Sunday, April 4, 2010
LLS: Man & Woman of the Year Campaign
Each year, many local chapters of the Leukemia & Lymphoma Society hold a fundraising campaign called the Man & Woman of the Year. Candidates are nominated and then spend the spring raising much-needed funds for cancer research and patient services. The candidate who is able to raise the greatest amount is bestowed the title of Man or Woman of the Year.
This year, the local Minnesota chapter of LLS asked me if I would be their honorary chairperson of the campaign. I've been involved with them in the past, presenting the story of my cancer and The Daily Zoo at a Survivor's Night celebration last year, as well as donating signed books and prints to some of their other fundraisers. Needless to say, I was honored to be asked and as part of my involvement I created some artwork to be used as a secondary logo for the campaign. The LLS staff suggested a pair of animals adorned with the red sashes that are given to the winners. I decided hippos might be fun. (When are hippos NOT fun?) The final piece is shown above and below are some in-progress images showing the development which led to the end result.
If your local chapter of the Leukemia & Lymphoma Society is having a Man & Woman of the Year campaign, please consider donating (or even participating as a candidate yourself!).
Everything started out with some quick thumbnails done with water soluble wax crayons. I liked the idea (and challenge) of doing the final piece in watercolor. By no means do I feel very confident with this medium, so I did a few small test "renders" of the hippos, experimenting with color, paint application, and detailing with different types of additional media (colored pencil, ink pen, etc.)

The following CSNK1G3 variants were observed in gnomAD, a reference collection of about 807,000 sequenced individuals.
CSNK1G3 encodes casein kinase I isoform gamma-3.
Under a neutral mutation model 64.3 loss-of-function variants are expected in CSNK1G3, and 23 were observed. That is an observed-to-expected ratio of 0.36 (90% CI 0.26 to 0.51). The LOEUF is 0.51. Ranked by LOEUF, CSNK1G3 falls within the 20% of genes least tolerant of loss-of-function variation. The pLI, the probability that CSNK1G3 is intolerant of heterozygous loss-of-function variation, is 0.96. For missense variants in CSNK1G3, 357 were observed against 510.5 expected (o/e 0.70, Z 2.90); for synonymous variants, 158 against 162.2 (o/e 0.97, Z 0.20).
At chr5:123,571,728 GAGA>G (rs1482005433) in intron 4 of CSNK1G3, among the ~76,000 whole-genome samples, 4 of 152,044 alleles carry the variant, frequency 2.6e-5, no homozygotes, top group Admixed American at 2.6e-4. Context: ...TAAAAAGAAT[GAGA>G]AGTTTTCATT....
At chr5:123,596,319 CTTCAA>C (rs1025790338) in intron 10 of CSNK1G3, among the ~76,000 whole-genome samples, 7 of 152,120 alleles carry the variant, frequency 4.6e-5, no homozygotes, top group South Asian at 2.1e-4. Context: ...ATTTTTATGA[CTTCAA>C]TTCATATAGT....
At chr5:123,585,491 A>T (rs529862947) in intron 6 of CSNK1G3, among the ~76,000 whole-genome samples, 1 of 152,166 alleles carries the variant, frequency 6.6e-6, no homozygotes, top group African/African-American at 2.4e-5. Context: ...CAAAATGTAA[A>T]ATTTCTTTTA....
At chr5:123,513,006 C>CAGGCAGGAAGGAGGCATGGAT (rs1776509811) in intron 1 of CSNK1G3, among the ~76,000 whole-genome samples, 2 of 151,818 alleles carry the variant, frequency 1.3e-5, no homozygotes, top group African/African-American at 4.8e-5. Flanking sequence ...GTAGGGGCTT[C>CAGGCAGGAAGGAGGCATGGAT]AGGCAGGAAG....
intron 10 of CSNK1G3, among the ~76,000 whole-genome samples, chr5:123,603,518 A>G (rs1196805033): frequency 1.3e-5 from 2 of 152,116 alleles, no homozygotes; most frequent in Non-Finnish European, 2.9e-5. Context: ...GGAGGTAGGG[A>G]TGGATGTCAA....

Then it was on the actual final artwork. I lightly sketched the hippos out with a Col-erase blue pencil before painting with watercolor. As you can see from the in-progress shot, the color palette was much different than what I ultimately ended up with. It just wasn't working for me, so when I scanned the painting into the computer I played around with color adjustments and settled on a drabber blue-gray color for the hippos which I felt worked better with the red sashes.
I also drew a separate line drawing of the two characters, scanned that in separately, and added it as a digital overlay. Why not just do this step on the final image and avoid the compositing work in Photoshop? Well, I wasn't exactly sure how it was going to look, and since I didn't have much time to do the piece, I didn't want to do something I would later regret. That's one of the benefits of having a digital component as part of your workflow. I could experiment more freely and not worry about having to start over completely. When overlaying the line drawing on the painting I was able to control its opacity and add it only where I felt it was needed.